ENDANGERED SPECIE OF ANIMAL THE MARKHOR CAPRI FALCONERI
The Markhor (Capra Falconeri) is an endangered species of wild goat that is natively found in the mountainous regions of western and central and Asia. The Markhor (Capra Falconeri) is believed to have been so-called using the Persian term for the snake, either because of the huge coiled horns of the Markhor (Capra Falconeri) or due to its capability to kill snakes in the wild, although the particular cause is unidentified. The Markhor (Capra Falconeri) is found in northeastern Afghanistan, Gilgit-Baltistan, Hunza-Nagar Valley, northern and central Pakistan and the borderline region of Kashmir, southern Tajikistan and southern Uzbekistan. The Markhor (Capra Falconeri) is most frequently found inhabiting the high-altitude monsoon jungles that mess these areas. The Markhor (Capra Falconeri) is a very unique species of wild goat, easily well-known by its long, white winter hair and the enormous flown horns that can grow to more than 1.5 meters in length on the males. The horns of the females are, though still large for goats, commonly less than 50cm in length.
Markhor is well modified to the mountainous territory and can be found between 600-3,600 meters in elevation. They naturally inhabit scrub forests made up chiefly of oaks, pines, and junipers where it is abundantly for the Markhor to eat. Markhor is also daytime animals, meaning that they are mainly active in the early morning and late afternoon. The Markhor is an herbivorous animal that primarily scratches on a variety of flora including grasses, leaves, herbs, fruits and flowers. Like other wild goats, the Markhor plays an appreciated role within their eco-system as they chew the leaves from the low-lying trees and scrub, spreading the seeds in their manure.
Regardless of living virtually on a cliff-edge, there are really a number of animals that target these amazingly magnificent creatures. Packs of wolves and wild cats such as lynx’s snow leopards are the main hunters of the Markhor, along with humans who have logged much of their natural environment. The Markhor breeds in the winter when, after a gestation period that lasts for up to 170 days, usually one and infrequently two Markhor babies (known as kids) are born. The Markhor kids remain safe and looked after by their mother until they are able to eat dense food and become more and more self-determining.
Today, despite being the national animal of Pakistan, the Markhor is measured to be a scarce species with less than 2,500 entities thought to be left in a few distant areas of the Asian mountains. The failure in Markhor population figures is mainly due to deforestation resultant in the harm of their natural habitats.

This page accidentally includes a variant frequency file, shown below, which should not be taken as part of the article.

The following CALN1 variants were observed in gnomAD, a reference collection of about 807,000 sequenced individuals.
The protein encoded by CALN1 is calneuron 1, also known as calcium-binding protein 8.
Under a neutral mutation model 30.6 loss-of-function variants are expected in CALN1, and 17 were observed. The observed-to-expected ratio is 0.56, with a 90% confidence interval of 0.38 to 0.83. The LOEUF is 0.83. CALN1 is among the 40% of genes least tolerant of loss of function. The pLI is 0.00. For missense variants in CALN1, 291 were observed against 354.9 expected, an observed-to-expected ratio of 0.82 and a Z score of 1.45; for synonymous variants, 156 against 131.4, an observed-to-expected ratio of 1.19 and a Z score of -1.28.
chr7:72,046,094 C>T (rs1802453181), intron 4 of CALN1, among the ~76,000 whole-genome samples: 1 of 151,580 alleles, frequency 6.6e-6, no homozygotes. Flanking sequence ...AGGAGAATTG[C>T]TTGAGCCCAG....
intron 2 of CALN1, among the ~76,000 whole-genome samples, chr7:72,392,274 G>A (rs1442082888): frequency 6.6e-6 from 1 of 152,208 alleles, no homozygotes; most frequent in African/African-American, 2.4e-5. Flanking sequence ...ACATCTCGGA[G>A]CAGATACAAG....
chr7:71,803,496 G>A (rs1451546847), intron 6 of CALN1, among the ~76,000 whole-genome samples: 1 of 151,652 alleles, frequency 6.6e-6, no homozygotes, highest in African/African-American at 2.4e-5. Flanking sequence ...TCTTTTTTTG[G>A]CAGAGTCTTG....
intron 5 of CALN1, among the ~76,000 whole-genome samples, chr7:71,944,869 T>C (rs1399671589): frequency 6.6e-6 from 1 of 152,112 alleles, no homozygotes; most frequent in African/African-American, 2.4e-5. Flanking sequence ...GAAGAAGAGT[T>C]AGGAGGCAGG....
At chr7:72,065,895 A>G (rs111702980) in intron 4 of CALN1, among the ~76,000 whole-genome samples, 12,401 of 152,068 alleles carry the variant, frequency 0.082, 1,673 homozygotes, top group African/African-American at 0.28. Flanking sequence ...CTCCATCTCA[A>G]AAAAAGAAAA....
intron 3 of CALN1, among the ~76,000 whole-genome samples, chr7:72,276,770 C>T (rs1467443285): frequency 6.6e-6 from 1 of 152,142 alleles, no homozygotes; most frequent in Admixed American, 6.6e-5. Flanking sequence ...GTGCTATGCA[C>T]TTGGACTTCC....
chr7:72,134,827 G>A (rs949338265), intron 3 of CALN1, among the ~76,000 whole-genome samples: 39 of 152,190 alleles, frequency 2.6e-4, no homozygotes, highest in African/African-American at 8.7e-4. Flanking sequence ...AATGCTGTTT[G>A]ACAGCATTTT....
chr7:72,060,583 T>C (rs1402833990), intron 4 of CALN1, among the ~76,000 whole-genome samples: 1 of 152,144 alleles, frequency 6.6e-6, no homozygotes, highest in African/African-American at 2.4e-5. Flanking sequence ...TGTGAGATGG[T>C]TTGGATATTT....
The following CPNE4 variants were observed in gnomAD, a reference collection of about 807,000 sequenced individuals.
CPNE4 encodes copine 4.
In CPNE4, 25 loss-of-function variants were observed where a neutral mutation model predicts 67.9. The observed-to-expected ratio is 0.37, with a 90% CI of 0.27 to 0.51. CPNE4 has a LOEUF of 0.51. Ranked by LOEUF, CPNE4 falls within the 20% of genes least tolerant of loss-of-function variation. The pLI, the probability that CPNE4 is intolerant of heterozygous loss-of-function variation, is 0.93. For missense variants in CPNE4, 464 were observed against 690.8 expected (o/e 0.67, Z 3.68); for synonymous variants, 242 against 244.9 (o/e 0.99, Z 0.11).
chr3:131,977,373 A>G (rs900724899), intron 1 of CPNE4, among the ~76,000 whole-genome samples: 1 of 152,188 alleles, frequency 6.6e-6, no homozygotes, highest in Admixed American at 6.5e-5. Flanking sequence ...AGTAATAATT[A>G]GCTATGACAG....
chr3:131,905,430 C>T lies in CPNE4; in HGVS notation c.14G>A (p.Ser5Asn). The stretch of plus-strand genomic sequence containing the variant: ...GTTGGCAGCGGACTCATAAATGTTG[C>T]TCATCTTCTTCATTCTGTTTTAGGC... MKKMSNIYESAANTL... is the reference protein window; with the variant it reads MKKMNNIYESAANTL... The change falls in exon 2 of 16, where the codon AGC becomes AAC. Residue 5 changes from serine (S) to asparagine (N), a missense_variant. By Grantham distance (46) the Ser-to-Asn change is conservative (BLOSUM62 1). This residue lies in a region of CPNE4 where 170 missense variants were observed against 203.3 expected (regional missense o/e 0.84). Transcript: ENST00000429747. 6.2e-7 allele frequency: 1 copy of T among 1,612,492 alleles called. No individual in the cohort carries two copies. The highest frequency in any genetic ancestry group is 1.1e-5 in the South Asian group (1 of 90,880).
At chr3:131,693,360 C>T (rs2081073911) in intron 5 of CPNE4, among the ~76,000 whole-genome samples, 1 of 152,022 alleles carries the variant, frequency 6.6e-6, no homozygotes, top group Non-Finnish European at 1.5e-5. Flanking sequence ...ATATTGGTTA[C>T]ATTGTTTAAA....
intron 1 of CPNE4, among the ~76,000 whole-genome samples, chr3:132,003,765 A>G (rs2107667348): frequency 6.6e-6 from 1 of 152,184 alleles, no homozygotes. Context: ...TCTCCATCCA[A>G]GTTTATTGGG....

Population decays due to habitat loss, award hunting and struggle for resources with native grazers had pushed the Markhor to the edge of extinction by the early 1990s, when it was assessed that the Kargah region of Gilgit-Baltistan contained no more than 40-50 of the animals. The species was professed Endangered by the International Union for Conservation of Nature (IUCN) in 1994 and at one point, its global spreading had shrunk to a simple five countries, which overall housed less than 2,500 individuals in isolated compartments of the region’s sudden mountain ranges. These declines had the likely to harm other rare mammals as well: the Markhor has considerable ecological significance as a prey item for rare mountain carnivores, including the snow leopard. As Markhor populations disappeared, carnivores that were themselves on the edge of extinction might find themselves in an even more critical situation than before.
The comeback of the Markhor population signifies achievement on numerous levels. In addition to strengthening a stressed population of unique and environmentally significant animals, this victory signs the success of a forward-thinking conservation program. The aim of the program was for local citizens to be given agency and treated with respect, rather than merely being brushed aside as the root of the species decline.
If we can inspire people, young and old, to respect this world and all its delightful natural resources
We might have the occasion of saving at least some of the endangered species and wild places for the advantage of those who follow us.
It is significant to remember to take care of the animals we have today, and their environment. We, humans, are the main cause of extinction. Because of us, they misplace their home just because we need to make paper, or they die because we need food.
Poachers also murder endangered animals or sell them to people who have money and are willing to spend it on a rare or endangered animal.
Hunting animals and birds should be stopped and strict rules should be set for illegal hunting of animals and birds.
The government should ban the overhunting and cutting of the forest.
The government should issue the order for the preservation of species.
We also love animals because petting, rubbing and cuddling a dog could be as shooting to the mind and heart as deep meditation and almost as good for the soul as prayer.
Our prime purpose in this life is to help others, if we can’t help them, at least don’t harm them.